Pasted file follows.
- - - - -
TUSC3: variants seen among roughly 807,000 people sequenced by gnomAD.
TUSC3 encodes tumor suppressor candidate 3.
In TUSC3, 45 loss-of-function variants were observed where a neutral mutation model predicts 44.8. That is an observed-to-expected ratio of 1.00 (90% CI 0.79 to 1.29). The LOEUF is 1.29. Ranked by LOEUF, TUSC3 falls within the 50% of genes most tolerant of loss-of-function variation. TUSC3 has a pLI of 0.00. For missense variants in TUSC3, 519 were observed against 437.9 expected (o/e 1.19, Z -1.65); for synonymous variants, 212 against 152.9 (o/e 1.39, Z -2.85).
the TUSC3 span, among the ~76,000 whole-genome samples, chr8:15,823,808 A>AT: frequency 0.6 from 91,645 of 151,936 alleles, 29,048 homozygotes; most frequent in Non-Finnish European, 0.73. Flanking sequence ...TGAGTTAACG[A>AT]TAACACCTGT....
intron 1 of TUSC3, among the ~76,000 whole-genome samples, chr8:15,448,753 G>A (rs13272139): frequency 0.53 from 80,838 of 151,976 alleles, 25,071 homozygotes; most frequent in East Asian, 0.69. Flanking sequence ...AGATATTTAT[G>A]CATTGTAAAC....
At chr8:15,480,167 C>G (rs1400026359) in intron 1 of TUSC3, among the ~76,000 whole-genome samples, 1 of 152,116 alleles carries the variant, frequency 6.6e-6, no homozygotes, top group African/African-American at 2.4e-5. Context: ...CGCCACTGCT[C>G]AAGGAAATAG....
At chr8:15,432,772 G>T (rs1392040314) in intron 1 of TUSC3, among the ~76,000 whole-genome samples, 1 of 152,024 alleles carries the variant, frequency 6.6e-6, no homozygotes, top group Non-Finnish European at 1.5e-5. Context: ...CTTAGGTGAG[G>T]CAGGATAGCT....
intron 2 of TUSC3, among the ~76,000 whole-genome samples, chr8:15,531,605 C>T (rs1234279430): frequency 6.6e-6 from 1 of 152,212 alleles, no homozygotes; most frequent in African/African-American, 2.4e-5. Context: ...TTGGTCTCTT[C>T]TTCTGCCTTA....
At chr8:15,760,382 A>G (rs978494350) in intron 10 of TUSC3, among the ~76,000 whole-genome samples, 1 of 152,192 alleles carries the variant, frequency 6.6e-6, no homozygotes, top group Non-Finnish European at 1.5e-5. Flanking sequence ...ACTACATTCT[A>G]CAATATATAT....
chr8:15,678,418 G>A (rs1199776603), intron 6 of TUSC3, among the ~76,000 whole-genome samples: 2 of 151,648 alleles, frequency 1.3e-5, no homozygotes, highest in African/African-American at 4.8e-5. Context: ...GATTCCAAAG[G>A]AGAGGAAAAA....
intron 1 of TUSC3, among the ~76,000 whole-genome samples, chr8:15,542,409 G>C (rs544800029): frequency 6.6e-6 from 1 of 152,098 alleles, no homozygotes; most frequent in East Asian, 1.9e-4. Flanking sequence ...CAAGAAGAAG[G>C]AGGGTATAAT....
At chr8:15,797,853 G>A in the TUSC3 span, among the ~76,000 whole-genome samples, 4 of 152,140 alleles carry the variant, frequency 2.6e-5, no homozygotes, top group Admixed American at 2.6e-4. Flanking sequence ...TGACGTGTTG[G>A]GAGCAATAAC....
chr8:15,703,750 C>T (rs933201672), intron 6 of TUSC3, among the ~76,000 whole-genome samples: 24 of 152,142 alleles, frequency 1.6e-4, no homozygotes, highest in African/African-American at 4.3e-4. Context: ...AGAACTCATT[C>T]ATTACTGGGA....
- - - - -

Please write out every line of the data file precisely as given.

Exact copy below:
TUSC3: variants seen among roughly 807,000 people sequenced by gnomAD.
TUSC3 encodes tumor suppressor candidate 3.
In TUSC3, 45 loss-of-function variants were observed where a neutral mutation model predicts 44.8. That is an observed-to-expected ratio of 1.00 (90% CI 0.79 to 1.29). The LOEUF is 1.29. Ranked by LOEUF, TUSC3 falls within the 50% of genes most tolerant of loss-of-function variation. TUSC3 has a pLI of 0.00. For missense variants in TUSC3, 519 were observed against 437.9 expected (o/e 1.19, Z -1.65); for synonymous variants, 212 against 152.9 (o/e 1.39, Z -2.85).
the TUSC3 span, among the ~76,000 whole-genome samples, chr8:15,823,808 A>AT: frequency 0.6 from 91,645 of 151,936 alleles, 29,048 homozygotes; most frequent in Non-Finnish European, 0.73. Flanking sequence ...TGAGTTAACG[A>AT]TAACACCTGT....
intron 1 of TUSC3, among the ~76,000 whole-genome samples, chr8:15,448,753 G>A (rs13272139): frequency 0.53 from 80,838 of 151,976 alleles, 25,071 homozygotes; most frequent in East Asian, 0.69. Flanking sequence ...AGATATTTAT[G>A]CATTGTAAAC....
At chr8:15,480,167 C>G (rs1400026359) in intron 1 of TUSC3, among the ~76,000 whole-genome samples, 1 of 152,116 alleles carries the variant, frequency 6.6e-6, no homozygotes, top group African/African-American at 2.4e-5. Context: ...CGCCACTGCT[C>G]AAGGAAATAG....
At chr8:15,432,772 G>T (rs1392040314) in intron 1 of TUSC3, among the ~76,000 whole-genome samples, 1 of 152,024 alleles carries the variant, frequency 6.6e-6, no homozygotes, top group Non-Finnish European at 1.5e-5. Context: ...CTTAGGTGAG[G>T]CAGGATAGCT....
intron 2 of TUSC3, among the ~76,000 whole-genome samples, chr8:15,531,605 C>T (rs1234279430): frequency 6.6e-6 from 1 of 152,212 alleles, no homozygotes; most frequent in African/African-American, 2.4e-5. Context: ...TTGGTCTCTT[C>T]TTCTGCCTTA....
At chr8:15,760,382 A>G (rs978494350) in intron 10 of TUSC3, among the ~76,000 whole-genome samples, 1 of 152,192 alleles carries the variant, frequency 6.6e-6, no homozygotes, top group Non-Finnish European at 1.5e-5. Flanking sequence ...ACTACATTCT[A>G]CAATATATAT....
chr8:15,678,418 G>A (rs1199776603), intron 6 of TUSC3, among the ~76,000 whole-genome samples: 2 of 151,648 alleles, frequency 1.3e-5, no homozygotes, highest in African/African-American at 4.8e-5. Context: ...GATTCCAAAG[G>A]AGAGGAAAAA....
intron 1 of TUSC3, among the ~76,000 whole-genome samples, chr8:15,542,409 G>C (rs544800029): frequency 6.6e-6 from 1 of 152,098 alleles, no homozygotes; most frequent in East Asian, 1.9e-4. Flanking sequence ...CAAGAAGAAG[G>C]AGGGTATAAT....
At chr8:15,797,853 G>A in the TUSC3 span, among the ~76,000 whole-genome samples, 4 of 152,140 alleles carry the variant, frequency 2.6e-5, no homozygotes, top group Admixed American at 2.6e-4. Flanking sequence ...TGACGTGTTG[G>A]GAGCAATAAC....
chr8:15,703,750 C>T (rs933201672), intron 6 of TUSC3, among the ~76,000 whole-genome samples: 24 of 152,142 alleles, frequency 1.6e-4, no homozygotes, highest in African/African-American at 4.3e-4. Context: ...AGAACTCATT[C>T]ATTACTGGGA....